Monday, November 2, 2009

Government Art / N.E.A. / Censorship

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It bothers me that my tax dollars are used to fund artwork that I find worthless. As soon as a conversation starts on this topic, so does the matter of censorship. They go hand in hand. Americans are protected by laws that forbid censorship, yet there are many instances in our society where censorship is applied. This would seem to indicate that there is room for exceptions. We are not to yell fire in a crowded theater. We are not to travel nude on a bus. And etc. Isn't that a level of censorship? When something is called artwork the question become is it properly labeled.

Art is, as they say, in the eyes of the beholder. One man's artwork is another man's trash. The National Endowment for the Arts (N.E.A.) has labeled many repulsive items as art, and they continue to give away my tax money (and yours) to support the artists that make this (in my opinion) junk.  I don't like it!

There are many excellent artists that produce wonderful conventional artworks, (Robert Mapplethorpe for example) - who also sometimes produce some of the worst garbage describable. Holy Bibles nestled in dog poop. A caricature of Jesus sketched in blood. Children portrayed having sex with a dog. And so forth. None of this trash should be supported by public money. Period.

To prevent subsidization of artists that insist on making this detestable kind of non-conventional and unacceptable art, and assuming that the Government should be involved at all, should we (the government) set standards to qualify for taxpayer support? In other words, a level of censorship.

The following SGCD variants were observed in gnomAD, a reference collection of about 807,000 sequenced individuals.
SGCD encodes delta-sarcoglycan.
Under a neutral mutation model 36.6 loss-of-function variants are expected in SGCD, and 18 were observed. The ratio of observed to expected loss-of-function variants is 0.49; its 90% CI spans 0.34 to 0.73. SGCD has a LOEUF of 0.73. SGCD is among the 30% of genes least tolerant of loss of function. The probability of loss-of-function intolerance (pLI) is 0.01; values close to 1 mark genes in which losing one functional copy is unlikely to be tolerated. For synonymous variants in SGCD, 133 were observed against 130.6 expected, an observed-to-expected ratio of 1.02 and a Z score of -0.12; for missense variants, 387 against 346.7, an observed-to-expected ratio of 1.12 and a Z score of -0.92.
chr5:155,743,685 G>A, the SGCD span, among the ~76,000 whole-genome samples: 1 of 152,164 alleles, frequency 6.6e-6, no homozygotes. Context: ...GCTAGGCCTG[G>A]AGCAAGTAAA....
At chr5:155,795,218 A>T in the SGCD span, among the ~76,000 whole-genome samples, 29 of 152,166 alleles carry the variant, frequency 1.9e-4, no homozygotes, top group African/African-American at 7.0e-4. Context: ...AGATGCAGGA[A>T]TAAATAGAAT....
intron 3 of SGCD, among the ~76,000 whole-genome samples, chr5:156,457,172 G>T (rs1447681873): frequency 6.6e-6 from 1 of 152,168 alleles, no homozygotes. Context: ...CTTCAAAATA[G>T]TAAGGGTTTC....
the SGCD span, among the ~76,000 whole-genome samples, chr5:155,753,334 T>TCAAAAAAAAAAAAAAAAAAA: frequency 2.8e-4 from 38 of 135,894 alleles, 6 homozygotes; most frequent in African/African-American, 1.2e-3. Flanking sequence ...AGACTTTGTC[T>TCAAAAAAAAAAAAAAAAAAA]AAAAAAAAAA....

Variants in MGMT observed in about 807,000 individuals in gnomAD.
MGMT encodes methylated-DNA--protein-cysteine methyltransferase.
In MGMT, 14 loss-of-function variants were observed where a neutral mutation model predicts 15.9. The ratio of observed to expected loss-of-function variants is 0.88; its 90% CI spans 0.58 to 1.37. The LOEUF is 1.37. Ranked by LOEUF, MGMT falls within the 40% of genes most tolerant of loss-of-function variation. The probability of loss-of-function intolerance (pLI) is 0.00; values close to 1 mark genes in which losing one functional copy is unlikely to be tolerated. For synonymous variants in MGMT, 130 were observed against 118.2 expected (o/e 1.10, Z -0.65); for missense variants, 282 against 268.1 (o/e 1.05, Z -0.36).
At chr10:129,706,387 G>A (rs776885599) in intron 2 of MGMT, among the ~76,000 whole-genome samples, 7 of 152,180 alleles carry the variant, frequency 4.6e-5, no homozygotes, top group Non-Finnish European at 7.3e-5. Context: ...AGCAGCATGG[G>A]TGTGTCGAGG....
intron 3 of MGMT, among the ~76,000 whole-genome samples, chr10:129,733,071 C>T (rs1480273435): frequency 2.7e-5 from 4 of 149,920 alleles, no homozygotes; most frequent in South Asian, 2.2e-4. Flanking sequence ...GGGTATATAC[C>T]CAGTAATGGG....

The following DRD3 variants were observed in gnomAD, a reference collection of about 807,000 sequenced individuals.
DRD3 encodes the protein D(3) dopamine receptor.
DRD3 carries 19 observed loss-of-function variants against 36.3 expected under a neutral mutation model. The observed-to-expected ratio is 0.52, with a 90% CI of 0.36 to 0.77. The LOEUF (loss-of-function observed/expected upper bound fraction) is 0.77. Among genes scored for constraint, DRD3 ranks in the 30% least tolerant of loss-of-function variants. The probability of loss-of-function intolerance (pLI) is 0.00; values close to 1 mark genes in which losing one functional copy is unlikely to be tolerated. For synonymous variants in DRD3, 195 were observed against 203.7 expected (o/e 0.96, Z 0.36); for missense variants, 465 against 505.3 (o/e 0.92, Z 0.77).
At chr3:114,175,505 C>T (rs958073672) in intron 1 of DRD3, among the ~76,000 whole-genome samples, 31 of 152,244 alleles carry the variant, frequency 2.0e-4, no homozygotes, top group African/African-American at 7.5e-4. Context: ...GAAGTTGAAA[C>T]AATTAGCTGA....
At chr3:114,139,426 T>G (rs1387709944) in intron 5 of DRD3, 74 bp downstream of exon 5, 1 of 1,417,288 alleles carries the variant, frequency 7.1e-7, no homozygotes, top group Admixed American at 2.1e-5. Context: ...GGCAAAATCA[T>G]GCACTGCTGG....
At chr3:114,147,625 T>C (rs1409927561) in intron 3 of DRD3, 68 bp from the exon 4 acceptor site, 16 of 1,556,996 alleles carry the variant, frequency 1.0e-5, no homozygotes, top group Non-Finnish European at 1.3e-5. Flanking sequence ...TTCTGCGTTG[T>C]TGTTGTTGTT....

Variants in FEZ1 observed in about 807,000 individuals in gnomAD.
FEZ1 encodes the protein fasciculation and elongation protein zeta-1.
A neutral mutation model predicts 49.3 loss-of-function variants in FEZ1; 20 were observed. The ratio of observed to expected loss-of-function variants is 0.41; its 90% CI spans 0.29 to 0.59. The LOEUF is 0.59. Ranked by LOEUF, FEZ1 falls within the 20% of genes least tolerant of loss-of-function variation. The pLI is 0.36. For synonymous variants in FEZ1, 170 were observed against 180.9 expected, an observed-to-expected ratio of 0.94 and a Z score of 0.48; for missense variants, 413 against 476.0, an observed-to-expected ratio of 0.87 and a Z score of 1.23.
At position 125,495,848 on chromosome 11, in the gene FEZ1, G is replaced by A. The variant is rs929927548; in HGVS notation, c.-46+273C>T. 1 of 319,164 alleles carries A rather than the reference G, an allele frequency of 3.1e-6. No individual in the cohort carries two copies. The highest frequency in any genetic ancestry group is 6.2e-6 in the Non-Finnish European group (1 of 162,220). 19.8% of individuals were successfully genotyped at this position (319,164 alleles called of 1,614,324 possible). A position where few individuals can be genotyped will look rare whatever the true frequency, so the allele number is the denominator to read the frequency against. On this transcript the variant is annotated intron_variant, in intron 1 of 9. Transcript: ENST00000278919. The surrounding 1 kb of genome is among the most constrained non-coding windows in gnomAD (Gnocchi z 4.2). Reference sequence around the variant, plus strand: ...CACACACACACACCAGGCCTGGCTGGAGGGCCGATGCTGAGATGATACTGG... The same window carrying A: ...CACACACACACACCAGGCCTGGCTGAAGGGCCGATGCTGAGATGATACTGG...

I think this would be dangerous and the power could be easily misused. Who should draw up such qualifications? What subjects should be forbidden? I've got the questions. Do you have the answers?


Rain said...

Mapplethorpe was an extreme although art as a means of political protest has gone way back and for all we know even showed up in petroglyphs.

Generally speaking the grants don't really fund any individual artist but go to traveling exhibits or programs. After reading your thoughts on it here, I went looking for who is getting it right now and found this: A person might or might not approve of the various exhibits but there really isn't much money going into them either. Most artists are supported or not by selling their work and a lot of those who sell the most probably don't get any grants-- nor need them.

I always have a problem even with art museums as often the work (to me) is very questionably the best art of its generation. One time I was looking at an exhibit in Portland and said something to the guard about how it was more like the Emperor's New Clothes than real art. He was taken aback and definitely didn't agree with me; but it was the truth. Someone important said it was art and therefore it got in there but will a future generation think it is? Unlikely in my opinion.

The thing is though without those small grants for like a local dance group, with schools cutting out the arts for budgetary reasons, where might that leave any support for budding artists in the future? I favor money for the NEA but know I won't always agree with who they consider worthy.

The Grey Geezer . . . . . . . said...

Rain . . This time, though I pains me to admit it, you are 100% right. I especially agree with your last sentence.